9/26/20 5:45 p.m.

If everyone used numbers instead of emotions in motorsports, no one would be in motorsports.

spacecadet (Forum Supporter)
spacecadet (Forum Supporter) SuperDork
9/26/20 6:37 p.m.

There's a lot of folks commenting here who fall outside the train of thought as someone like Andy...... or many of the other national champion and pointy end nationally competitive autocrossers I've met and competed with(mostly gotten destroyed by) over the past 5 years.

if you just wanna go out and do your best (as you see it) on that given day and have fun driving and seeing where the chips fall.. then absolutely let emotion drive your choice.

But those folks are a lot more rare at the pointiest end of the field for autocross, which is obviously where Andy is. 

if you want to develop your driving and car control in an autocross environment efficiently, and compete to win in SCCA national autocross.. I personally believe you have to think this way.

One of the best things I did to help myself really get better as an autocrosser was seat time.. but not only seat time and attending events.. but making a conscious choice to put myself in a car that was properly classed and can contend(aka properly prepped) well in the class when i'm getting that seat time. Then from event to event.. looking at how I was or wasn't improving using PAX as a tool... You can absolutely do this if you run the same car from event to event even if it's not the right car.. but the ceiling for your potential will be unknown since the prep level or potential speed of the car you're running will not properly be represented by PAX. The effectiveness of this is also directly affected by the depth of talent in your region.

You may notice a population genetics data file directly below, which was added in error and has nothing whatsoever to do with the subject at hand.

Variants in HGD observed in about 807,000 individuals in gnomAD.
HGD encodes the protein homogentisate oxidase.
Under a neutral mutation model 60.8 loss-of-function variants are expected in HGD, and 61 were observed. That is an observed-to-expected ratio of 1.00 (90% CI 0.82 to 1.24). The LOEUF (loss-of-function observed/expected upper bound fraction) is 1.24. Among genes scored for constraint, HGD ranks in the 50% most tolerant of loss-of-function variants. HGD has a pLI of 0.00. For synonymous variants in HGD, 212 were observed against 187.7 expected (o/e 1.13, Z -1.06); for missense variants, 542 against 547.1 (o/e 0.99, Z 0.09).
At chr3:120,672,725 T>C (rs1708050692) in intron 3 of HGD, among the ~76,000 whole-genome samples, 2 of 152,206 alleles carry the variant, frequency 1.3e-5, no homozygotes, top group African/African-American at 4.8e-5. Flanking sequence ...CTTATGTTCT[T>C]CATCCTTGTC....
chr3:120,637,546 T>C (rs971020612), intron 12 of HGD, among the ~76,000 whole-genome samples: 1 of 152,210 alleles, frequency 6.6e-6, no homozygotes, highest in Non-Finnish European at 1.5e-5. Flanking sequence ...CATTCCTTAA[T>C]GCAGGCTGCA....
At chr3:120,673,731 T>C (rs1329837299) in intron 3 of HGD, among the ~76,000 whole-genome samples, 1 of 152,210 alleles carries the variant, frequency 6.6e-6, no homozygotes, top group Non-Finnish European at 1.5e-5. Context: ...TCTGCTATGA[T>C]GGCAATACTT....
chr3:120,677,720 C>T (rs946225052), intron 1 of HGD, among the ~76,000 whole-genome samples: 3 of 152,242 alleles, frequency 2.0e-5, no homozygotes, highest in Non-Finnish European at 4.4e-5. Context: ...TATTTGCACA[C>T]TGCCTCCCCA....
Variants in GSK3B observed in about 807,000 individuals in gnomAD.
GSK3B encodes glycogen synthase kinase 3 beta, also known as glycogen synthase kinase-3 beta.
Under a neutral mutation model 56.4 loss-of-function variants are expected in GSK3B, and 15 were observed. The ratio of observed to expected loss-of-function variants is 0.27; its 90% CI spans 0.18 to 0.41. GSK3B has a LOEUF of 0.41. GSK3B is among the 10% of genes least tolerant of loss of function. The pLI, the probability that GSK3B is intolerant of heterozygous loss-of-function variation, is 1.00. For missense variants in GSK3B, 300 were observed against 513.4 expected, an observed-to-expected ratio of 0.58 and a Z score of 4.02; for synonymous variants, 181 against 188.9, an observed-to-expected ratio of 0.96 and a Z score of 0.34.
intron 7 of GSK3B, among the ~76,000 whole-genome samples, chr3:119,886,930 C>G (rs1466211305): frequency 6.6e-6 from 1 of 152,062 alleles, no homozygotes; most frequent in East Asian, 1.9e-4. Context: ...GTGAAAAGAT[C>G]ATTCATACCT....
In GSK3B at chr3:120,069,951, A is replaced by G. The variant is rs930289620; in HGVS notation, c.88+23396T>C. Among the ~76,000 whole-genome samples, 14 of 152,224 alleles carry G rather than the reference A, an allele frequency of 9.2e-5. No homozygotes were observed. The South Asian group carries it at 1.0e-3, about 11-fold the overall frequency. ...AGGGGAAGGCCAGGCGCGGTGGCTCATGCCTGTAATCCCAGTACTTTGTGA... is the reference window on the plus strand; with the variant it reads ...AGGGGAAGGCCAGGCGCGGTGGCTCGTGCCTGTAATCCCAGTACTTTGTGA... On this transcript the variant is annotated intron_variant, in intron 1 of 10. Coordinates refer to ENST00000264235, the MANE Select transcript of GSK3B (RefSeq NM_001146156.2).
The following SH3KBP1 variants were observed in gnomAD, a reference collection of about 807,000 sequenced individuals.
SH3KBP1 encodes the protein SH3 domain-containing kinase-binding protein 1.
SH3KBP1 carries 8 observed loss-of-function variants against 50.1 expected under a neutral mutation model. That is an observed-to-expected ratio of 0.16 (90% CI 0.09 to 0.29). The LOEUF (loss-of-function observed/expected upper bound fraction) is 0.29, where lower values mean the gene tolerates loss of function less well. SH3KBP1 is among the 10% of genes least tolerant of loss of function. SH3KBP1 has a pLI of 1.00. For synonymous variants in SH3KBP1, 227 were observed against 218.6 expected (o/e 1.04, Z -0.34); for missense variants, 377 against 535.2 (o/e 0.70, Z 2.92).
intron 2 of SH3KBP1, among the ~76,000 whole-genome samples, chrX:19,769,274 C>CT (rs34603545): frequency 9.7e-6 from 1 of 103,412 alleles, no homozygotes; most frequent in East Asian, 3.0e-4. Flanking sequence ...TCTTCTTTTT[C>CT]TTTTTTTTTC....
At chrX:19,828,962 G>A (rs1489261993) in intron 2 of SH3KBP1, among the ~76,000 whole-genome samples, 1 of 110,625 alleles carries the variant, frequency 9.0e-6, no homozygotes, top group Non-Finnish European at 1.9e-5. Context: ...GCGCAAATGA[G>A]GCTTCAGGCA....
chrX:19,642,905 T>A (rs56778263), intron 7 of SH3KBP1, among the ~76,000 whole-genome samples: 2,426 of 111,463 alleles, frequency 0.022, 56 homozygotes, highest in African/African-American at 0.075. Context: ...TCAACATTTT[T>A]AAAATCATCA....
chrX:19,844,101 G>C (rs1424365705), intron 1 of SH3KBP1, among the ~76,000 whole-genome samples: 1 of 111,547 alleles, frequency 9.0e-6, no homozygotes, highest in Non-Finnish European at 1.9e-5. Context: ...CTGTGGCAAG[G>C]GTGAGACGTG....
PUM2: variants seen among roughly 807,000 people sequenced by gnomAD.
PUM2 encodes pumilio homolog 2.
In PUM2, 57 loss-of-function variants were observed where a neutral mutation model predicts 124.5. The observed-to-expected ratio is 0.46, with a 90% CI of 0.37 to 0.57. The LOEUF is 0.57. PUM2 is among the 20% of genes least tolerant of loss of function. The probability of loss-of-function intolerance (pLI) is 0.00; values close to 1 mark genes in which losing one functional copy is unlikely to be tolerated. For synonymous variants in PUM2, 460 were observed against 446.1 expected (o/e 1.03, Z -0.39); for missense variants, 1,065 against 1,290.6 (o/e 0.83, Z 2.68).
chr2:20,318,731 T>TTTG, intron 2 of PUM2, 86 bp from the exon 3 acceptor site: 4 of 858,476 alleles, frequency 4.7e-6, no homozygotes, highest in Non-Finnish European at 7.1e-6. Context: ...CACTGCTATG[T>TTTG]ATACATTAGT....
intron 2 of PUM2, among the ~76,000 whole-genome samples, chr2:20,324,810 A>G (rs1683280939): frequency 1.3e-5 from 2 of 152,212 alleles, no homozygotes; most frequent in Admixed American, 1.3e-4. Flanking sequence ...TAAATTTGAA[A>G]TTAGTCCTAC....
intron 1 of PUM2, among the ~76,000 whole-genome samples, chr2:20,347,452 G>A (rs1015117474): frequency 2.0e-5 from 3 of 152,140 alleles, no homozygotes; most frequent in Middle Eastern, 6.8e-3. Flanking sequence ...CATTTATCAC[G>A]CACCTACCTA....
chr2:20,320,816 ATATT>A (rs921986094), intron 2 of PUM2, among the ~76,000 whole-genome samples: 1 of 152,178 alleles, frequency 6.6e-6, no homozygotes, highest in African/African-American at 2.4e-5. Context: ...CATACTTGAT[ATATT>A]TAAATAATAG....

that was a bit of a side tangent to the article.. but this way of thinking also helped me consult with my buddy back in 2018.. and get myself a codrive in the STH Audi TT last year at solo nats and I got my first nats trophy thanks to that opportunity..


 

Toebra
Toebra Dork
9/26/20 7:53 p.m.
300zxfreak said:

In reply to Keith Tanner :

Keith, I believe that fist fights are required in Irish rallying. 

and whiskey, I hear tell that if not for whiskey, the Irish would rule the world.

 

Oh, and basic principles do not change.  I like the way that Mr Hollis lays stuff out, so even I can understand.  I think the method by which he approaches a conundrum is what I find most instructive.